And now I’m going to spend the day thinking about maybe putting some more time into developing the executive skills that will allow everyone to manage frustration in a way that does not make Mrs. Corbett want to cry every day on the way home from school.

But we can all count money, so HOORAY!

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This is the “cheat sheet” for the partner matching cards I use.  I got them from Teachers Pay Teachers.  There are individual cards which are handed out randomly and the students have to find their partner. I use the big heart as our “pick your own partner” card for the days when we have an odd number of students in the class.
math

Monday night and I just realized I never posted a reflection for last week! It was sort of normal, not very exciting week. I’m headed into a week of guided math in which I’ll be working with small groups to do sone learning about money (not very exciting) and everyone will be at other centres solidifying their math facts by playing math games.

It’ll be fine.

But last week I did notice how often our calendar is being accessed by kids. I saw a blog post this summer (I’ll try to find the link!) and decided I would display the whole calendar on our wall this year. I put up the 10 school months and then started the year, intending to find time to make it fancy.

One week in somebody added his birthday. Then we had to add everyone’s birthday. We added assemblies a field trips. During the first week of October somebody asked how many days until Halloween, so we added all of our major holidays, which lead to a lot of other holidays being added. There is a steady stream of people at the calendar counting how many days until this or that. The calendar has lead to many one-to-one conversations about time, counting forward and back, and important days for our classmates. (News flash: not everyone celebrates Christmas! This was news for many of my students.)

I’ve also been creating PicCollages of class photos to create a visual timeline. I need to get October printed! (Ugh!) it’s fun to look back at those memories too.

I haven’t done a class calendar in years. I thought it took too much time and space. But this very casual calendar, with no forced routine for its use, has been such a great addition to our class!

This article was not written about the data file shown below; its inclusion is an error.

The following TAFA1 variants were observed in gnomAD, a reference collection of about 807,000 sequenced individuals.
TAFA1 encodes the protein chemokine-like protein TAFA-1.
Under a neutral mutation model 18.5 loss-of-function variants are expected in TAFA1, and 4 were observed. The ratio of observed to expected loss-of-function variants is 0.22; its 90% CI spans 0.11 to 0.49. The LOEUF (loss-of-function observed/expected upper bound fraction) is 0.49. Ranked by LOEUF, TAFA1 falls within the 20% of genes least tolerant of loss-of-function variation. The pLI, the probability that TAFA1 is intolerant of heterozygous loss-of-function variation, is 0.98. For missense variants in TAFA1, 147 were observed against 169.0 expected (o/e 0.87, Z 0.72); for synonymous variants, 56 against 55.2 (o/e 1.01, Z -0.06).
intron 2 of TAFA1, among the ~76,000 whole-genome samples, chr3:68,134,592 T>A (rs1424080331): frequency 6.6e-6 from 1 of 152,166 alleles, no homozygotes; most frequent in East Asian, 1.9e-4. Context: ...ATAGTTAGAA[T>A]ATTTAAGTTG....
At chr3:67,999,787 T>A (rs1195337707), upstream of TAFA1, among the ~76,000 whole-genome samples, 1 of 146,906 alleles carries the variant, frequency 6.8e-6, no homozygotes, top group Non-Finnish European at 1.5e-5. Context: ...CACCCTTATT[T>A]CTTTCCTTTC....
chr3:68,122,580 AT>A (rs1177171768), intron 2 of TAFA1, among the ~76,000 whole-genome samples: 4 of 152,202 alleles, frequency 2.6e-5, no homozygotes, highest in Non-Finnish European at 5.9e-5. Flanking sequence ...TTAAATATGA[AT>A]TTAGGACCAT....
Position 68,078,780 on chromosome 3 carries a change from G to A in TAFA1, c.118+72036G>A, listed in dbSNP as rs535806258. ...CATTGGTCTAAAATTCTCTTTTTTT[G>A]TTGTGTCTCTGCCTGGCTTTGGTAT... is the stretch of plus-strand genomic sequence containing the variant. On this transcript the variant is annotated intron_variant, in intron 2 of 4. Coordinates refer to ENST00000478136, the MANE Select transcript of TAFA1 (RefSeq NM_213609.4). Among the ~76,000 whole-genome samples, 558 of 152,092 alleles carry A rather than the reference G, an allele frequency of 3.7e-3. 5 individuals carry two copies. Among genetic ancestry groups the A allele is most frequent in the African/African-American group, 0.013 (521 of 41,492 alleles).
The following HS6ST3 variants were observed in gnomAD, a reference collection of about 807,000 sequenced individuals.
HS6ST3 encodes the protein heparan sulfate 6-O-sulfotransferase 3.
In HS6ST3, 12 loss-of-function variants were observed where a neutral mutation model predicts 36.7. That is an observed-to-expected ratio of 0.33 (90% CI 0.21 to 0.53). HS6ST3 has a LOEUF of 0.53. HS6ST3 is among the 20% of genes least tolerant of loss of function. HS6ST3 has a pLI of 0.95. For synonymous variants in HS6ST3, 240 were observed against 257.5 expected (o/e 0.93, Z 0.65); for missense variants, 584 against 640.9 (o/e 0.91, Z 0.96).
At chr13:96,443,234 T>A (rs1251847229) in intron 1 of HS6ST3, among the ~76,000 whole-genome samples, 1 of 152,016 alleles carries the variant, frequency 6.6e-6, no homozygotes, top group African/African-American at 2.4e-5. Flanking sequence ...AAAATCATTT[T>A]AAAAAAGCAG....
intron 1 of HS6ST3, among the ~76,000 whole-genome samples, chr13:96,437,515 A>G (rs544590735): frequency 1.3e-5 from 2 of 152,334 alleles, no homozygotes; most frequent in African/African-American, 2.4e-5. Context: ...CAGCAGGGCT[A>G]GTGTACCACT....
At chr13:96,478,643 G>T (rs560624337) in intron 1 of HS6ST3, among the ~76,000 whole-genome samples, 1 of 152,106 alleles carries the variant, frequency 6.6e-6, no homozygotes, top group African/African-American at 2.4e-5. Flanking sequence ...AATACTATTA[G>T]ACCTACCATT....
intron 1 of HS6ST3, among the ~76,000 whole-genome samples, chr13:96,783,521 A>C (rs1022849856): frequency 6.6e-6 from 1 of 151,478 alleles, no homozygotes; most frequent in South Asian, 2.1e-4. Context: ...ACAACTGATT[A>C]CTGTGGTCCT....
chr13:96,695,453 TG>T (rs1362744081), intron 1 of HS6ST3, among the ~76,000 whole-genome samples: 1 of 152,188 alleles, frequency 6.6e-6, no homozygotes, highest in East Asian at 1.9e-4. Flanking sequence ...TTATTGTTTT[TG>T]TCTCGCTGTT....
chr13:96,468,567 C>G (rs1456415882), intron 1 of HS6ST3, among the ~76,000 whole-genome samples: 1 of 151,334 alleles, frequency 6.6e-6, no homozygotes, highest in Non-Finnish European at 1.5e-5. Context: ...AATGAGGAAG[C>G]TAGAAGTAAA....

math, Mathematical Processes, Number Sense & Numeration

This week we did…something

It was a weird week for math. I spent some counting routine time counting backwards. They’re pretty good at it. I thought they could be independent as a small group while I worked with some people on something else. I was mistaken. We’ve still got some social collaboration and problem solving things to sort out. That’s the thing I’m reflecting on most as I move forward into next week. I know where I’m going lesson wise, but am still sorting through some of the mathematical process teaching I need to do.

Because of the work I’m doing to spiral in math this year I am feeling like I don’t have a lot of things to use for comments on progress reports. I’ve decided to focus my commenting on some of the mathematical process skills.

This week I’m realizing that so far I’m doing a lot of the selecting when it comes to the tools we use. I put a lot of work into making sure everyone knows how to use the tools properly. Now it’s time for me to talk about how the tools have specific purposes for which they are best suited. We can’t always choose the colour tiles because we like how they stack! It’s time to move along and choose based on what each tool helps us understand. I’m doing some guided math rotations this week, and want to come up with some opportunities for kids to articulate why they chose a certain tool.

That is going to lead us to some communication work. We’re doing okay with this when I am poking and prodding. Now it’s time for the students to think about being really clear with their communication. I’m going to jump in and set up a FlipGrid they can use to explain something they’ve done. They’ll have to think about how to make me understand their thinking when I watch the video at home (cause you know I’ll never find time or a quiet spot where I can view these at school!)